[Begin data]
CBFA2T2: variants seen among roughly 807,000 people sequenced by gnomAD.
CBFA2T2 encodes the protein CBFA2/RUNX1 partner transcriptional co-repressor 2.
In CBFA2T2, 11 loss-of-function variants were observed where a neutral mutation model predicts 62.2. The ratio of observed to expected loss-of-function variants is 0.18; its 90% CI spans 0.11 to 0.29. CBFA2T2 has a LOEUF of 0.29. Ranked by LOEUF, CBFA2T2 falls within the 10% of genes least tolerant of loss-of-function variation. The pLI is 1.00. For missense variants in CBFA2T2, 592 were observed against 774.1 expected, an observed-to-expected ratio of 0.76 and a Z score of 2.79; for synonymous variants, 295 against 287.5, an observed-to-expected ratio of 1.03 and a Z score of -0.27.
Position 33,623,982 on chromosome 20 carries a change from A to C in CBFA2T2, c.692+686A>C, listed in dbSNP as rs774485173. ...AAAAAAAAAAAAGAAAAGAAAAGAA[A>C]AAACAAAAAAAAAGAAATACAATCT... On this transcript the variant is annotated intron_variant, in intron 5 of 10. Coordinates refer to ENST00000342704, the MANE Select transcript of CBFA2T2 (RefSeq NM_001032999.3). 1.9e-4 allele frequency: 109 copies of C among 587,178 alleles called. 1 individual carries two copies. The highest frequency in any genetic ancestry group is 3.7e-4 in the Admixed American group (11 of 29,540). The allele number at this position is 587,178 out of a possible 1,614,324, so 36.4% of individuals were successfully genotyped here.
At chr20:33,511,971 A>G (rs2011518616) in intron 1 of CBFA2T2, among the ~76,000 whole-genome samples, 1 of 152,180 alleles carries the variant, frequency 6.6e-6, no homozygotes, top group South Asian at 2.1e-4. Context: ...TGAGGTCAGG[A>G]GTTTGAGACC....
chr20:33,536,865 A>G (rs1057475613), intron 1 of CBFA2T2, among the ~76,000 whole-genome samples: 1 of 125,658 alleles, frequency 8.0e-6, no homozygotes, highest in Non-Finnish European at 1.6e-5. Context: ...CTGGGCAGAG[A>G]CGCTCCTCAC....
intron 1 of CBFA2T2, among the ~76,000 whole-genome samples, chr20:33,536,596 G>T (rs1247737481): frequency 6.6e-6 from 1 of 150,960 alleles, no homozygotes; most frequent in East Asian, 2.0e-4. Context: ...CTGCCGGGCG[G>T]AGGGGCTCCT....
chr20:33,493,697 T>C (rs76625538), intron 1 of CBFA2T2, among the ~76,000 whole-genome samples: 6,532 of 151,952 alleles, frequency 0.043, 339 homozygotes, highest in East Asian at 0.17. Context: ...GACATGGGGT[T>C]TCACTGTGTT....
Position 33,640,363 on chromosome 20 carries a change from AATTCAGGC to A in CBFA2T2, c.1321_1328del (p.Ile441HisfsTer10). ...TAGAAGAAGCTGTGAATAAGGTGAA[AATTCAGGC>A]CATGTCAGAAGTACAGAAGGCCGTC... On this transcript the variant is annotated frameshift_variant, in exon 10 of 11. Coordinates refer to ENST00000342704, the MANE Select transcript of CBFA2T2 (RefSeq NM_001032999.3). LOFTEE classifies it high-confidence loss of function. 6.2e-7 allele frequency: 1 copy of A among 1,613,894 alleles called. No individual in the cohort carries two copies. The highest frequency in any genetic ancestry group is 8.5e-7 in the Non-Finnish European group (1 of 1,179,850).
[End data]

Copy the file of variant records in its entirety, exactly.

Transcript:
CBFA2T2: variants seen among roughly 807,000 people sequenced by gnomAD.
CBFA2T2 encodes the protein CBFA2/RUNX1 partner transcriptional co-repressor 2.
In CBFA2T2, 11 loss-of-function variants were observed where a neutral mutation model predicts 62.2. The ratio of observed to expected loss-of-function variants is 0.18; its 90% CI spans 0.11 to 0.29. CBFA2T2 has a LOEUF of 0.29. Ranked by LOEUF, CBFA2T2 falls within the 10% of genes least tolerant of loss-of-function variation. The pLI is 1.00. For missense variants in CBFA2T2, 592 were observed against 774.1 expected, an observed-to-expected ratio of 0.76 and a Z score of 2.79; for synonymous variants, 295 against 287.5, an observed-to-expected ratio of 1.03 and a Z score of -0.27.
Position 33,623,982 on chromosome 20 carries a change from A to C in CBFA2T2, c.692+686A>C, listed in dbSNP as rs774485173. ...AAAAAAAAAAAAGAAAAGAAAAGAA[A>C]AAACAAAAAAAAAGAAATACAATCT... On this transcript the variant is annotated intron_variant, in intron 5 of 10. Coordinates refer to ENST00000342704, the MANE Select transcript of CBFA2T2 (RefSeq NM_001032999.3). 1.9e-4 allele frequency: 109 copies of C among 587,178 alleles called. 1 individual carries two copies. The highest frequency in any genetic ancestry group is 3.7e-4 in the Admixed American group (11 of 29,540). The allele number at this position is 587,178 out of a possible 1,614,324, so 36.4% of individuals were successfully genotyped here.
At chr20:33,511,971 A>G (rs2011518616) in intron 1 of CBFA2T2, among the ~76,000 whole-genome samples, 1 of 152,180 alleles carries the variant, frequency 6.6e-6, no homozygotes, top group South Asian at 2.1e-4. Context: ...TGAGGTCAGG[A>G]GTTTGAGACC....
chr20:33,536,865 A>G (rs1057475613), intron 1 of CBFA2T2, among the ~76,000 whole-genome samples: 1 of 125,658 alleles, frequency 8.0e-6, no homozygotes, highest in Non-Finnish European at 1.6e-5. Context: ...CTGGGCAGAG[A>G]CGCTCCTCAC....
intron 1 of CBFA2T2, among the ~76,000 whole-genome samples, chr20:33,536,596 G>T (rs1247737481): frequency 6.6e-6 from 1 of 150,960 alleles, no homozygotes; most frequent in East Asian, 2.0e-4. Context: ...CTGCCGGGCG[G>T]AGGGGCTCCT....
chr20:33,493,697 T>C (rs76625538), intron 1 of CBFA2T2, among the ~76,000 whole-genome samples: 6,532 of 151,952 alleles, frequency 0.043, 339 homozygotes, highest in East Asian at 0.17. Context: ...GACATGGGGT[T>C]TCACTGTGTT....
Position 33,640,363 on chromosome 20 carries a change from AATTCAGGC to A in CBFA2T2, c.1321_1328del (p.Ile441HisfsTer10). ...TAGAAGAAGCTGTGAATAAGGTGAA[AATTCAGGC>A]CATGTCAGAAGTACAGAAGGCCGTC... On this transcript the variant is annotated frameshift_variant, in exon 10 of 11. Coordinates refer to ENST00000342704, the MANE Select transcript of CBFA2T2 (RefSeq NM_001032999.3). LOFTEE classifies it high-confidence loss of function. 6.2e-7 allele frequency: 1 copy of A among 1,613,894 alleles called. No individual in the cohort carries two copies. The highest frequency in any genetic ancestry group is 8.5e-7 in the Non-Finnish European group (1 of 1,179,850).